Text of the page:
The federal Pipeline and Hazardous Materials Safety Administration (PHMSA) has released an advanced notice of proposed rulemaking (ANPRM) on vapor pressure requirements for the transport of crude oil and other hazardous liquids by rail.

Officials in the U.S. Department of Transportation (DOT), where PHMSA resides, said they seek comments on the benefits of deploying various “vapor pressure thresholds” for crude oil transport, something North Dakota oil and natural gas regulators have been working on in recent years after a spate of rail tank car accidents transporting Bakken crude.

“Nationwide, Americans are experiencing the move of energy products in new ways and looking to government to safeguard their communities and neighborhoods,” said DOT Secretary Anthony Foxx.

North Dakota is watching closely how PHMSA proceeds, according to Lynn Helms, head of the state’s Department of Mineral Resources. Earlier this month, Helms expressed concerns that the federal agency was looking to “completely overturn” North Dakota’s oil conditioning regulations.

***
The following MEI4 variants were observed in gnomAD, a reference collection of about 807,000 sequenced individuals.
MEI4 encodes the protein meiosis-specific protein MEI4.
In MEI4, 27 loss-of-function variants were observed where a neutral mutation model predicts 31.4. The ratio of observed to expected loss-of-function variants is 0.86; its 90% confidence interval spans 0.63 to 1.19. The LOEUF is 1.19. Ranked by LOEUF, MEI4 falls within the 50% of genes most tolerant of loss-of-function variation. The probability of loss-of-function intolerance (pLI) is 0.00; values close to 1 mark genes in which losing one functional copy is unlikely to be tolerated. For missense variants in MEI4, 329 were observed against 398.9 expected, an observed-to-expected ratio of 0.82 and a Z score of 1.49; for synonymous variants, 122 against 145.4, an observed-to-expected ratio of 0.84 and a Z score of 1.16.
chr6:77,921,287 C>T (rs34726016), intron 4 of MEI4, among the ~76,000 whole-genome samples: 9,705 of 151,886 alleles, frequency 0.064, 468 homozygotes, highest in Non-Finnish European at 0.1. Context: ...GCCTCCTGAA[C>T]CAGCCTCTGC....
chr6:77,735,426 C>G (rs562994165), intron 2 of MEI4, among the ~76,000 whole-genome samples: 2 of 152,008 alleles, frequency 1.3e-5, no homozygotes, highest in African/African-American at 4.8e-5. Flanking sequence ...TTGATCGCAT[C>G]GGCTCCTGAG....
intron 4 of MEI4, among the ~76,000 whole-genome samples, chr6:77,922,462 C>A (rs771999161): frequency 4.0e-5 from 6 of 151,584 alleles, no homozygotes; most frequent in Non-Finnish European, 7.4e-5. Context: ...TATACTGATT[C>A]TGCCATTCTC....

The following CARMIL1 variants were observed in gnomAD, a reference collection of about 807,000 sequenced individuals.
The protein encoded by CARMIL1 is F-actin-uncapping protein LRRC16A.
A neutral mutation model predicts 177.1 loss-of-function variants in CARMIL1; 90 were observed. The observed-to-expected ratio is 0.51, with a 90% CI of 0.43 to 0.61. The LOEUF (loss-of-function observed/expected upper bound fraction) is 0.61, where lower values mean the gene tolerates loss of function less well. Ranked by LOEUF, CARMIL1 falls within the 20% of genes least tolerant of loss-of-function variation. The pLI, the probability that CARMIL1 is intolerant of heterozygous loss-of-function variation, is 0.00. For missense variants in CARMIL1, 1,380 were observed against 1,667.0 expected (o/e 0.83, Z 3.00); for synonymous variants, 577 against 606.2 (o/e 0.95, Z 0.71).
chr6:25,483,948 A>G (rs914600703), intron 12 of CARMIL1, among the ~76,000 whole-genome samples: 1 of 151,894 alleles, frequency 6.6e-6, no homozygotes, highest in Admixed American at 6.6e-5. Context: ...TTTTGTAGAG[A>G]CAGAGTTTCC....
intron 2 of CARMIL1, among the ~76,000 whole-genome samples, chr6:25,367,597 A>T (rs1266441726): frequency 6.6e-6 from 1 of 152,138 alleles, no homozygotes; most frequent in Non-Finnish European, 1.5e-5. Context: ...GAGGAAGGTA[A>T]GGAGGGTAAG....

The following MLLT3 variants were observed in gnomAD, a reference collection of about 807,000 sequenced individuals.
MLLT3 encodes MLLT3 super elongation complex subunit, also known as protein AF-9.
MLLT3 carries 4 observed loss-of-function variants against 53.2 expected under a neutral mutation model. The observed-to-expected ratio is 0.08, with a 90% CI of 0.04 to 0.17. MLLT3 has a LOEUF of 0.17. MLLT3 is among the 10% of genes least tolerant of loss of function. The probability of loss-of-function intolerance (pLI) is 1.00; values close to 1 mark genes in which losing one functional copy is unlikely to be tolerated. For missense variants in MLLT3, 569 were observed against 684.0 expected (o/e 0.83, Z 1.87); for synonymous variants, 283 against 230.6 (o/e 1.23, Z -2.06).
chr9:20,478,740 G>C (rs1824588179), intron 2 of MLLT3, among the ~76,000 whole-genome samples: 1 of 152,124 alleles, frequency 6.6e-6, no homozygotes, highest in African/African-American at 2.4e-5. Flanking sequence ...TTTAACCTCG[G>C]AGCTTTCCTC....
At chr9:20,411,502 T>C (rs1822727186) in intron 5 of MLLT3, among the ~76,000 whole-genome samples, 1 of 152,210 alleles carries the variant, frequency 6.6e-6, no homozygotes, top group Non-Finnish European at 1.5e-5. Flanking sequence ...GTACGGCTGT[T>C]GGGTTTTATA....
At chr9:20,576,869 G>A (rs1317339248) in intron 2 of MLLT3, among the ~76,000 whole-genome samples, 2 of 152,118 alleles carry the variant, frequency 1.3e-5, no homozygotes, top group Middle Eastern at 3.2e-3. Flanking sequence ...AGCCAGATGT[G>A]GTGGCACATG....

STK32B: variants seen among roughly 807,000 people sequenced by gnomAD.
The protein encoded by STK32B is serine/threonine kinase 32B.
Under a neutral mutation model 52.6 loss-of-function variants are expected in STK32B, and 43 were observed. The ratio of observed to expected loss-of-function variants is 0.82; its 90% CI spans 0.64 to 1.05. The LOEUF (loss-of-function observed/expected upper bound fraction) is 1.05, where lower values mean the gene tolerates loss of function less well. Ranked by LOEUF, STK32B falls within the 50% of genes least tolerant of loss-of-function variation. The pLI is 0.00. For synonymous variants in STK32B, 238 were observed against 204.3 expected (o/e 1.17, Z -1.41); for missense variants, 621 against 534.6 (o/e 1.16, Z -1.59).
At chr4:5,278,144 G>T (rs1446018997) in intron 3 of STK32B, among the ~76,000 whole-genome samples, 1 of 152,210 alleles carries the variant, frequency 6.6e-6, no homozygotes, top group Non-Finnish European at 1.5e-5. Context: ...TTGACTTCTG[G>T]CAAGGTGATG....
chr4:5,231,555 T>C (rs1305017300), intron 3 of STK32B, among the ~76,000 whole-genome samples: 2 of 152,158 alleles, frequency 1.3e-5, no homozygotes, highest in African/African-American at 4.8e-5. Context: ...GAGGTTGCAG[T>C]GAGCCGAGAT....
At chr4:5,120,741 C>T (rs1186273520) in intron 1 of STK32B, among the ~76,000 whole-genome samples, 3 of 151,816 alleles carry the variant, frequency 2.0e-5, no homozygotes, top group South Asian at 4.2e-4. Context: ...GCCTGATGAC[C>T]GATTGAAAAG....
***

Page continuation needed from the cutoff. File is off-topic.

For Helms and other North Dakota officials who have helped cobble together state rules in this area, the prospect of a 9 psi vapor pressure requirement from PHMSA would push aside the state’s efforts.

Saying the state Industrial Commission (IC) will want to weigh in on the PHMSA proposal, Helms noted that at an IC meeting last Tuesday the staff was asked to prepare comments on PHMSA’s proposal as it could be “a major interference” with state oil conditioning rules.

In announcing the ANPRM, federal officials said DOT continues its “collaborative work” with Sandia National Laboratories on a study to better understand the characteristics of Bakken light sweet crude oil in North Dakota “to determine the best sampling and testing methods for this type of crude.” The long-term findings of the study are slated to be used in crafting the eventual new rulemaking.

“The American energy landscape is constantly evolving, and we need to understand the full scope of safety risks involved with moving energy products in new ways,” said PHMSA Administrator Marie Therese Dominguez.